A very well known celebration, especially for the communist countries, is remembered tomorrow: 1st of May - the International Workers Day or Labour Day. International Workers' Day is a celebration of labourers and the working classes that is promoted by the international labour movement, anarchists, socialists, and communists and occurs every year on May Day, 1 May, an ancient European spring holiday. The date was chosen for International Workers' Day by the Second International to commemorate the Haymarket affair, which occurred in Chicago on 4 May 1886. This day has its origins in the labour union movement, specifically the eight-hour day movement, which advocated eight hours for work, eight hours for recreation, and eight hours for rest. (source)
|Typical 1st May poster - Romania|
Being a traditional European spring celebration, May Day is a national public holiday in many countries, but in only some of those countries is it celebrated specifically as "Labour Day" or "International Workers' Day". Some countries celebrate a Labour Day on other dates significant to them, such as the United States, which celebrates Labor Day on the first Monday of September. In Poland, since the fall of communism, 1 May is officially celebrated as May Day, but is commonly called Labour Day. In Romania, 1 May, known as the International Labour Day (Ziua internațională a muncii), the International Workers' Day (Ziua internațională a oamenilor muncii), or simply 1/First of May (1/Întâi Mai), is an official public holiday.
|Typical 1st May poster - Poland|
During the communist regime, like in all former Eastern Bloc countries, the day was marked by large state-organised parades in most towns and cities, to which many workers were de facto required to participate. After the Romanian Revolution of 1989, 1 May continues to be an official public holiday, but without any state organised events or parades. Most people celebrate together with friends and family, organising picnics and barbecues. It is also the first day of the year when people, especially those from the southeastern part of the country including the capital Bucharest, go to spend the day in one of the Romanian Black Sea resorts.
|Typical 1st May march - Romania - you can see many photos of N. Ceausescu|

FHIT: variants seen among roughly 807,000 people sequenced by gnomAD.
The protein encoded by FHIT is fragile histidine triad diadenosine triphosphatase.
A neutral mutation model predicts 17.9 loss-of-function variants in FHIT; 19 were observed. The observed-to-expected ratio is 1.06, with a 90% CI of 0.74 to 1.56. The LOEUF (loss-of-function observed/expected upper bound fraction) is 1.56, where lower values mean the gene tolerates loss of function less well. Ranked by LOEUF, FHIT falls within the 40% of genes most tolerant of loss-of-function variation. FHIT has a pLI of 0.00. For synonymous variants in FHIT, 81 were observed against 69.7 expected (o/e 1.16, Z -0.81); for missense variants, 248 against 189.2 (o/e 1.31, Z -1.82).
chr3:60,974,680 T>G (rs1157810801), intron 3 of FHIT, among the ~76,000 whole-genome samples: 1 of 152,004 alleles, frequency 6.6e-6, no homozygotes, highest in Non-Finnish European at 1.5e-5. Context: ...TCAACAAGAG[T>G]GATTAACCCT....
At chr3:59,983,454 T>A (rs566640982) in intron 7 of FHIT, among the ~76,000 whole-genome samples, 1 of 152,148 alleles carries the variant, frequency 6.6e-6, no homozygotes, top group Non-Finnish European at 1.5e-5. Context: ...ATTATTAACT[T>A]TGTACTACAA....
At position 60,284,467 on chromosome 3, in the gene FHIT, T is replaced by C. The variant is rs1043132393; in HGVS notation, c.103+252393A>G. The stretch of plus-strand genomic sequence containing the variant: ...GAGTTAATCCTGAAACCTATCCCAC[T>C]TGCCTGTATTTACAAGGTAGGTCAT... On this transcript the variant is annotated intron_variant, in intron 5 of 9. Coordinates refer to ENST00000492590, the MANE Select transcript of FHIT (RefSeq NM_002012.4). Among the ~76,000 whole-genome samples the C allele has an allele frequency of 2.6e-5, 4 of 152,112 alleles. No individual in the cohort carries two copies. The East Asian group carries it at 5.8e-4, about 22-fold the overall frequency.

In Romania, Labour Day was celebrated for the first time in 1890, and during the communist times this celebration was marked - as in other communist countries - by manifestations and marches glorifying the Communist Party and the benefits that communism brings to the people. After the revolution in December 1989, for several years, the 1st of May was no longer celebrated by propagandist manifestation, but rather by social and cultural events in the open air. In the communist times it was a mandatory social gathering, very well rehearsed, with thousands and thousands of people singing patriotic songs and carrying huge pancards with logos and wishes and of course our brave leaders face. Nowdays everyone spits on those ideas and on those memories and youngsters and older people alike see 1st of May as time off from the busy life/job they have. You will see people flocking away from the cities, gathering for a barbecue and (for the lucky ones?) heading toward the Black Sea resorts. TIPS & TRICKS: If you are in Romania now, make sure you eat the traditional mititei (minced meat, well spiced and done on the grill - to be eaten with mustard)!
|Typical 1st May poster - Poland|
For the Polish people, the 1st of May is just the beginning of a series of national event - try not to get them confused, as I will explain them backwards ;) May 3rd is the Constitution Day - the very first European constitution and the 2nd one worldwide! 3rd of July is also a religious feast. This day is called the Day of St. Mary a Queen of Poland. This feast was established by a pope on a request of Polish bishops after regaining the freedom by Poland at the end of World War I. The religious holiday of the 3rd of June is a consequence of the political anniversary of the Constitution. 2nd of May is the Poland's Flag Day - The Flag Day was established by a decree on February 20, 2004 when the change in Polish coat of arm, shade of colors of the flags and Polish anthem were introduced. This day is also called a day of White Eagle. Polish Eagle constitutes a Polish coat or arm. The May 1st was established as the communistic Labor Day holiday (International Workers' Day). And there you have it! 3 days in a row, of celebration for the Polish people!
How about you? Do you come from a country that celebrates Labour Day / International Workers Day? What are the differences that you could see develop in time? I would love to hear from you - tell me your story! :)
The Twisted Red LadyBug Working Woman